Review: Nintendo’s ‘Super Smash Bros. Ultimate’ is astonishing

In Gaming and Tech, Lifestyle, Reviews
A screenshot of the gameplay within Super Smash Bros. Ultimate.
(Kristina Garcia / Daily Titan)

One last character of hope stands among countless perished heroes. In a snap, a slew of characters were met with their untimely demise; fighting till the last moments of their life, trying to save themselves and be the brave hero that saves the civilization around them. No, I’m not talking about “Avengers: Infinity War” — this is about Kirby and Nintendo’s “Super Smash Bros. Ultimate.”

Nintendo has released several hits compatible with its popular Nintendo Switch game system. These favorites include but are not limited to “Super Mario Odyssey,” which sold 514,000 copies locally, “Splatoon 2” sold 631,000 copies locally and “Pokémon: Let’s Go, Pikachu! and Let’s Go, Eevee!” sold 552,000 locally.

But these sales are nothing compared to the estimated 1.3 million copies of “Super Smash Bros. Ultimate” sold in Japan alone, making it the highest-selling Switch and Smash Bros. game within the first week of its release, according to Nintendo Life.  

After several games within the Smash series were released, creators have finally listened to fans. This is the first Smash Bros. game to feature all of the characters in Smash Bros. history, including a few extras.

As of now “Super Smash Bros. Ultimate” has a character roster of 74, if the Pokemon Trainer is counted as one character. Along with future DLC characters, the roster may boost to an estimated 81 characters.

Enough with all the extra information that nearly every Smash fan already knew about prior to the game’s release, the real selling point is the gameplay. But is it worth the almost $60 price tag?

The answer is yes, absolutely, 100 percent. It is the best reason to buy a Switch and binge through a game full of content.

Unlike “Super Smash Bros.” for Wii U, unlocking characters are much more challenging, adding to the binge-worthiness of the game. Playing “Super Smash Bros. Ultimate” will bring gamers back to the days of rage quitting, screaming at the television and wanting to break that almost $50 wireless GameCube controller you bought specifically for Smash Bros.

But “Super Smash Bros. Ultimate” encompasses more than the simple win-or-lose character-gaining scenarios, players are given another chance to fight against locked opponents they lost against the first time around in a feature known as the Challenger’s Approach.

Players no longer have to feel upset about being defeated by Villager from “Animal Crossing;” play this feature and no one has to know you lost against an overpowered little boy or girl, depending on skin changes.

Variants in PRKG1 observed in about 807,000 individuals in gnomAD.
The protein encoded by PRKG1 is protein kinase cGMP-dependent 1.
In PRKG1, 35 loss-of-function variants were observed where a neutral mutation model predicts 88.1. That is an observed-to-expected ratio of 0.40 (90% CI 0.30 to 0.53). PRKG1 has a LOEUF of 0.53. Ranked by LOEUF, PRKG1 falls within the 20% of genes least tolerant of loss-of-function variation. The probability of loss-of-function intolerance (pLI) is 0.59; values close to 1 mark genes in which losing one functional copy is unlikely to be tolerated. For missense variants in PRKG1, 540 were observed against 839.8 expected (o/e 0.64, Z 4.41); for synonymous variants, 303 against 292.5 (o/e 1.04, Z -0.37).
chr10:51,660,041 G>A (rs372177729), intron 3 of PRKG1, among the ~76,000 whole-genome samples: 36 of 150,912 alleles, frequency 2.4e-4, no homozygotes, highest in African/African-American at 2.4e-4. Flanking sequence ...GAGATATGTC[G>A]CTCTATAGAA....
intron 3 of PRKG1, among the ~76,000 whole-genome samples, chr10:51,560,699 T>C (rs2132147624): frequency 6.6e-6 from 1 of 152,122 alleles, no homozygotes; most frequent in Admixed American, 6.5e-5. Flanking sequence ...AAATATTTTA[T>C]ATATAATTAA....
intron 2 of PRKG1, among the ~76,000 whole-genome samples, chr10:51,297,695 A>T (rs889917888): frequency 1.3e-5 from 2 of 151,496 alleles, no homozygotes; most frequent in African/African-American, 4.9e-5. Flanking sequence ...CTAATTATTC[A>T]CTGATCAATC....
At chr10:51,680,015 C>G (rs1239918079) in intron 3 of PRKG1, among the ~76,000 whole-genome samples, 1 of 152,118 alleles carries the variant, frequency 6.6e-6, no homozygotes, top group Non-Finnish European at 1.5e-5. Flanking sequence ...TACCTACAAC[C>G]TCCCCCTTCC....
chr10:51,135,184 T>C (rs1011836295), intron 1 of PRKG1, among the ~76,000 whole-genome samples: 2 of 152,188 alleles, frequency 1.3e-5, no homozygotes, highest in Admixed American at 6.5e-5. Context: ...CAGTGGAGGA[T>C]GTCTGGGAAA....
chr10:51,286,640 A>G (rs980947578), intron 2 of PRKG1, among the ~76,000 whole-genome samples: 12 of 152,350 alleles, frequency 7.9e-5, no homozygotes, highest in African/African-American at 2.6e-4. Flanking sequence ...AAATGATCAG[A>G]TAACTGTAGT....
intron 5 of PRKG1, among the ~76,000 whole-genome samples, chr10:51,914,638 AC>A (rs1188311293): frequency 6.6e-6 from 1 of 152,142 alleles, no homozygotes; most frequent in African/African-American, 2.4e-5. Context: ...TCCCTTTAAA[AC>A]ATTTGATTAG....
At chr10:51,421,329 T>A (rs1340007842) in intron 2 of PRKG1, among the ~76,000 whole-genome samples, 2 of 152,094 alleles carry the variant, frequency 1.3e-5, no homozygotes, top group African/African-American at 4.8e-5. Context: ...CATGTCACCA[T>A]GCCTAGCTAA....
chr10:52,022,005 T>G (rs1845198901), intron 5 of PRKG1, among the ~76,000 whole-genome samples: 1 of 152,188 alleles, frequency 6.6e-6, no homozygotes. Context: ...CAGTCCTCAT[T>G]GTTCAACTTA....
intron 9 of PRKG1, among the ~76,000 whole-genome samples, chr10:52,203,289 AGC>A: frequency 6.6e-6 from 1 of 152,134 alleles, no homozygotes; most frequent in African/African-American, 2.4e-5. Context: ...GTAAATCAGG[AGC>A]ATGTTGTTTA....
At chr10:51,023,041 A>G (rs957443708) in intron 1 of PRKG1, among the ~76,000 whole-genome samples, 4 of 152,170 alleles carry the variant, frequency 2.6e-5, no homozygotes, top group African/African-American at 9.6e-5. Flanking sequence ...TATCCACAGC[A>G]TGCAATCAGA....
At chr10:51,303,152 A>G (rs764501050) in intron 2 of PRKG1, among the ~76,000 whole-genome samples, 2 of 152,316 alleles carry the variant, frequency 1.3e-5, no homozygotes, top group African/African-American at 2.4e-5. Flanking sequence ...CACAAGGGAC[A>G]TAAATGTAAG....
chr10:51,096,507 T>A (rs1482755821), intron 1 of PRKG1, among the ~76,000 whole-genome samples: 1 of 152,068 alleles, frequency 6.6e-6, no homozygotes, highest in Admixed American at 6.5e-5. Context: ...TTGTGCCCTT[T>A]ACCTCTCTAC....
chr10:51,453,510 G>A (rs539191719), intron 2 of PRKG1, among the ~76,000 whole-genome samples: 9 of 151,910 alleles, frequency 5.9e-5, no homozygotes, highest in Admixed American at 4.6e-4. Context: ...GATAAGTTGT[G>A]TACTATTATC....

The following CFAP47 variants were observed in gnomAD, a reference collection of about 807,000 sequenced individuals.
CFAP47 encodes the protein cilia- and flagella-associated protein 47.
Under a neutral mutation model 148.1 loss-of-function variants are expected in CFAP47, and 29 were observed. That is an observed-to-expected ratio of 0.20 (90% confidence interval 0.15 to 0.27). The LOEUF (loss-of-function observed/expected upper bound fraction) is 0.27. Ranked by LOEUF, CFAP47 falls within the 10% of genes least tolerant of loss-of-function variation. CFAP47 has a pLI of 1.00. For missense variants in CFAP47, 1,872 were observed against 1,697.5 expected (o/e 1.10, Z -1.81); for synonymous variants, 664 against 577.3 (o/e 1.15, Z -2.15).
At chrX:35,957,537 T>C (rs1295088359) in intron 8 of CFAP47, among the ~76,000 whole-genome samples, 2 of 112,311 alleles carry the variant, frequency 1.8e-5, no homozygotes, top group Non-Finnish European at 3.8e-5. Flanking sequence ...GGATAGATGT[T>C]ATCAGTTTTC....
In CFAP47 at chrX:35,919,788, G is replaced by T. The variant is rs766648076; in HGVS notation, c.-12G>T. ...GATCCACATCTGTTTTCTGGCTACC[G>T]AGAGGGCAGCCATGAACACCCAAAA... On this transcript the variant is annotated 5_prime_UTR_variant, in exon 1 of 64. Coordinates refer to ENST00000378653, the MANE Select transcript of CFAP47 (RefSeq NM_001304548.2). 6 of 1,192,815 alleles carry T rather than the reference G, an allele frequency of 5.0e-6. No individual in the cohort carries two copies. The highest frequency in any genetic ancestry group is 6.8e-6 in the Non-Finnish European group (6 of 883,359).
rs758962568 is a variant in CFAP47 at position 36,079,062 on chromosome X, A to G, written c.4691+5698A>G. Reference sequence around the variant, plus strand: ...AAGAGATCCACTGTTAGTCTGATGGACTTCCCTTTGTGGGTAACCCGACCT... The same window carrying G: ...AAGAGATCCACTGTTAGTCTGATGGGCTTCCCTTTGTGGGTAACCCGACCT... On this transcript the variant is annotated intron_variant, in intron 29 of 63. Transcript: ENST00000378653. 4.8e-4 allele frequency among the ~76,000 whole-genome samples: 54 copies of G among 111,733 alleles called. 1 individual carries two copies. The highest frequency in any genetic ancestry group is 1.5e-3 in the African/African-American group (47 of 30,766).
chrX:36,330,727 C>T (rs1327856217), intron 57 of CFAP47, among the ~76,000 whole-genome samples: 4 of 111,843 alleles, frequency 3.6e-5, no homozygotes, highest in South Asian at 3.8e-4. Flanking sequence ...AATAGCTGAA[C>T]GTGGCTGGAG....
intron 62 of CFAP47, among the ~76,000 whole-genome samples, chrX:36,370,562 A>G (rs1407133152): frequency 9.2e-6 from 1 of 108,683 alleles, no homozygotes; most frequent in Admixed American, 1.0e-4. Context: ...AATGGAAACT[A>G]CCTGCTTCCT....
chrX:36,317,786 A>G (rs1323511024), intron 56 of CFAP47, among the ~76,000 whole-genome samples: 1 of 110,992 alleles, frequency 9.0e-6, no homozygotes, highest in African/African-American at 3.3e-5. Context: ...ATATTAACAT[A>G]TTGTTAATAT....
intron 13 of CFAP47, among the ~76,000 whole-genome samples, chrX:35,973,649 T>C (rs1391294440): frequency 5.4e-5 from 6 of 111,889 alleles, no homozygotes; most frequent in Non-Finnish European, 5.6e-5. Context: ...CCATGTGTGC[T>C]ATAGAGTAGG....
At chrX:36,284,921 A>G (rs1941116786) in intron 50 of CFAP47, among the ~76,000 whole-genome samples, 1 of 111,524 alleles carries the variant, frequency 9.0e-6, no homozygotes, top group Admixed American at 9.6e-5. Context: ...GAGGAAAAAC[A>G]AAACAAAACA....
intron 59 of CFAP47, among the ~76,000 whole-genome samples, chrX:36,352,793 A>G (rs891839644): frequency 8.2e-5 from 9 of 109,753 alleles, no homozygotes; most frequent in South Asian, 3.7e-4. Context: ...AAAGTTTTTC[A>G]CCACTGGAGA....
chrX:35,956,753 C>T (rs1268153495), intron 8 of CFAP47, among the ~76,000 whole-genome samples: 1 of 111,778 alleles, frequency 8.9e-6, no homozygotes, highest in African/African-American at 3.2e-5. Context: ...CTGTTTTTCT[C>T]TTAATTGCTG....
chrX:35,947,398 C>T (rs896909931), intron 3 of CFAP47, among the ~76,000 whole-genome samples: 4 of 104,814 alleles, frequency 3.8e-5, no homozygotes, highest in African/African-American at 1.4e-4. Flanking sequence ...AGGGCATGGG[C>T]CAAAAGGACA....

“Super Smash Bros. Ultimate” is notorious for Friday night gaming, where every friend acts as the cocky, reigning champion in Smash Bros. — until repeatedly beating each other into a much smaller ego. But although most memories are garnered by the people one plays with, the developers made solo mode just as addicting.

The game’s adventure mode, World of Light, follows Kirby, everyone’s favorite pink fluff ball, as he explores the enormous map and fights through foes and locked characters in order to awaken the rest of the roster. Adventure mode is complete with obstacles that make certain areas closed off until gaining a Spirit is used to remove the barricades blocking the paths.

Spirits are a new element in the Smash series that aren’t just used as collectible trophies. Spirits are utilities spanning across Nintendo’s history of countless games. In “Super Smash Bros. Ultimate,” the Spirits are unlocked and used as perks to help fighters in their journey.

Although the Spirits are used to help players, the weaker the player’s Spirit team the more rewards the player wins at the end of every battle won. This gives players the ultimatum of an easy win with less reward, or a difficult win with more rewards to pocket.

“Super Smash Bros. Ultimate” almost sounds too good to be true, but the game does have its flaws. Its online gameplay has severe connection problems and lagging.

But at the very least, the same lag is experienced by all players in the match, although this doesn’t mean it makes playing online any less irritating.

Players have also had trouble being placed in matches within the rules they’ve chosen, with many getting thrown into random matches, which throws preferences right out the window.

“Super Smash Bros. Ultimate” may need work online, but overall the game features excellent gameplay and leaves gamers with constant room to continue expanding their play time.

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